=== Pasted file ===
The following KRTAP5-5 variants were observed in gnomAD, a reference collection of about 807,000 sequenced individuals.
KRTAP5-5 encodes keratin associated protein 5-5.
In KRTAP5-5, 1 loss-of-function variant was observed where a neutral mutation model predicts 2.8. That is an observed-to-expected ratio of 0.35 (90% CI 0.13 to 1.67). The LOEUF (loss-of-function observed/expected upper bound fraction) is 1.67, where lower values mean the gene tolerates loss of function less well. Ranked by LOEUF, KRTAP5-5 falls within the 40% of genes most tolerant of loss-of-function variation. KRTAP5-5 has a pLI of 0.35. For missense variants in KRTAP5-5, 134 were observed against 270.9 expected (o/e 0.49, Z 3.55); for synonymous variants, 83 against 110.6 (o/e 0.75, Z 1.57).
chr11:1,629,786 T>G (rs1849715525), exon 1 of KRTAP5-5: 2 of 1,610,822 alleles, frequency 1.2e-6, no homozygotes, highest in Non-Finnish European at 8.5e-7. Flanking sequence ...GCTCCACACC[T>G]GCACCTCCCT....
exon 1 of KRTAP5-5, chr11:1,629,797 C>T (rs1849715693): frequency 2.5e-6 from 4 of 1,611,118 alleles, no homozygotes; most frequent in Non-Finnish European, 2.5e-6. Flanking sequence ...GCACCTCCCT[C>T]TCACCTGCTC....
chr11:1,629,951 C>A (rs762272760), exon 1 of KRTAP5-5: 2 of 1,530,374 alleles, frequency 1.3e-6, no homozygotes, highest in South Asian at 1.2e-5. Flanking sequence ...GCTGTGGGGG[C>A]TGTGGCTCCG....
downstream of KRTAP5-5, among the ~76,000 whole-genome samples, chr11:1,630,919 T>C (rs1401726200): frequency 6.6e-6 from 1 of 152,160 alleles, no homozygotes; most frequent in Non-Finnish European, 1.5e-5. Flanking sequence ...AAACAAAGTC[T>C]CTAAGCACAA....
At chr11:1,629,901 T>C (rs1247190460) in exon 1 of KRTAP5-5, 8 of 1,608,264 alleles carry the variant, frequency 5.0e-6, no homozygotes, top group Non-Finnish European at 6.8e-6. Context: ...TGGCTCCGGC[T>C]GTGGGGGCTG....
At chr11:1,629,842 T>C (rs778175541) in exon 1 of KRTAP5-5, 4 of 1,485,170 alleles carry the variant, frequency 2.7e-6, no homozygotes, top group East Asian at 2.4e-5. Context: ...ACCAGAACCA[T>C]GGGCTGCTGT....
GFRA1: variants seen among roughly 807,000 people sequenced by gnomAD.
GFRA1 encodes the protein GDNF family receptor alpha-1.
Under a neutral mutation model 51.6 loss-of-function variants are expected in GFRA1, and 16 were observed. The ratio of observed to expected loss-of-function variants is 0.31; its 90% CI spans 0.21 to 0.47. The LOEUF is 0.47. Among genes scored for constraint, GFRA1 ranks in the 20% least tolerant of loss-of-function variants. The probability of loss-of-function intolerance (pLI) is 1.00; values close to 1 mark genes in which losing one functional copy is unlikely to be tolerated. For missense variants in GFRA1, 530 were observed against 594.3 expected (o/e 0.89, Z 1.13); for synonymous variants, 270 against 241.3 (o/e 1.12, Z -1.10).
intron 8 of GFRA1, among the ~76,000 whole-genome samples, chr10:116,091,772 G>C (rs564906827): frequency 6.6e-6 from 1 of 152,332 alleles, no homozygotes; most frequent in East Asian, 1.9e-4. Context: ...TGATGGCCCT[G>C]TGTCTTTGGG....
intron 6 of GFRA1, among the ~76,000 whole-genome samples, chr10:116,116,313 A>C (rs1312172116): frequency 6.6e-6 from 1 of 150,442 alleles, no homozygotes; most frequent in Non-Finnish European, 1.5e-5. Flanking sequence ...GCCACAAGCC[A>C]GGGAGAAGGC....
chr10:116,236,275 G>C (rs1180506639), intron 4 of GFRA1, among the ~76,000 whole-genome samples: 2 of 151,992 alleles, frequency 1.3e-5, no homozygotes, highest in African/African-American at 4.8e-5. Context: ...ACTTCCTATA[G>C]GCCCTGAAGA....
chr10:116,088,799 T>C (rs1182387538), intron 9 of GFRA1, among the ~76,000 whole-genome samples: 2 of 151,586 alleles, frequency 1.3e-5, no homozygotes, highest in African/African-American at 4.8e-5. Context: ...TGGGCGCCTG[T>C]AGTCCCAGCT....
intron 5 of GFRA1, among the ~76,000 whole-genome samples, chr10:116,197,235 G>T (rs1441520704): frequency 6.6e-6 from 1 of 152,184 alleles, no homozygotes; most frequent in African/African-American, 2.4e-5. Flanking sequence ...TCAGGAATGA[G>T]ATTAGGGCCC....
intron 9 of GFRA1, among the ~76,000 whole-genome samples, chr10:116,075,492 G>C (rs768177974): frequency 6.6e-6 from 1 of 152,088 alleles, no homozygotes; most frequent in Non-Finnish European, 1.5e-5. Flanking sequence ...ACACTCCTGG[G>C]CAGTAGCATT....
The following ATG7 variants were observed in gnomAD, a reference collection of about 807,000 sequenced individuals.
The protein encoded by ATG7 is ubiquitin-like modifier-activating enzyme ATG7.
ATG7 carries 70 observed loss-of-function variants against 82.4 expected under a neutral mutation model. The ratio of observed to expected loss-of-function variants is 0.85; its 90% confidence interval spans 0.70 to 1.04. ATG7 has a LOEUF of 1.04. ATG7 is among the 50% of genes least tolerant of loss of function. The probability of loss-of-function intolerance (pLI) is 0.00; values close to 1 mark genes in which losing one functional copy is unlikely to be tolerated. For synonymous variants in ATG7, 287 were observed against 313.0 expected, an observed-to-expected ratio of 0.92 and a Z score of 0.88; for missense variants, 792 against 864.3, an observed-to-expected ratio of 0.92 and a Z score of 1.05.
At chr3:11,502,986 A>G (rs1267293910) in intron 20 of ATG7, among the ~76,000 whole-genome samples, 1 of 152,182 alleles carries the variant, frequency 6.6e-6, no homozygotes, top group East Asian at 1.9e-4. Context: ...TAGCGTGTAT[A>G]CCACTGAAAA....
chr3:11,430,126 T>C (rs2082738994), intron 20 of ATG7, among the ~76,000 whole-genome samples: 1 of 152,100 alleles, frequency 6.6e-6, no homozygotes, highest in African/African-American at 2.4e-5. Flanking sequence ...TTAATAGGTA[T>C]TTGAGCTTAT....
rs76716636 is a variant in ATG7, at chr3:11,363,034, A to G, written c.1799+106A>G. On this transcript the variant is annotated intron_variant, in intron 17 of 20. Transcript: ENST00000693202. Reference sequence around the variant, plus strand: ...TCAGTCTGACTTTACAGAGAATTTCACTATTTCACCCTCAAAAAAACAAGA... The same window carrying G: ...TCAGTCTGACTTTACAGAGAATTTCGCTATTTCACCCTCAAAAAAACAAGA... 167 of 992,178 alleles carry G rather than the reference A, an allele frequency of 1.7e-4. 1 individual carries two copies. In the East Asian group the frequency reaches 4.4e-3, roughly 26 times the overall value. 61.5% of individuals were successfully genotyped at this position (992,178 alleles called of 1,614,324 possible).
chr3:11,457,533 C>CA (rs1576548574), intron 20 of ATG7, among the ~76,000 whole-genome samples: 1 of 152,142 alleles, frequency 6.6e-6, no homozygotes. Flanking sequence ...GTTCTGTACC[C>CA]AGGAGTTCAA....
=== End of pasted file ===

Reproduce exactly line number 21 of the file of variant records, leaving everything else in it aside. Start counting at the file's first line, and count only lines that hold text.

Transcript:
ATG7 carries 70 observed loss-of-function variants against 82.4 expected under a neutral mutation model. The ratio of observed to expected loss-of-function variants is 0.85; its 90% confidence interval spans 0.70 to 1.04. ATG7 has a LOEUF of 1.04. ATG7 is among the 50% of genes least tolerant of loss of function. The probability of loss-of-function intolerance (pLI) is 0.00; values close to 1 mark genes in which losing one functional copy is unlikely to be tolerated. For synonymous variants in ATG7, 287 were observed against 313.0 expected, an observed-to-expected ratio of 0.92 and a Z score of 0.88; for missense variants, 792 against 864.3, an observed-to-expected ratio of 0.92 and a Z score of 1.05.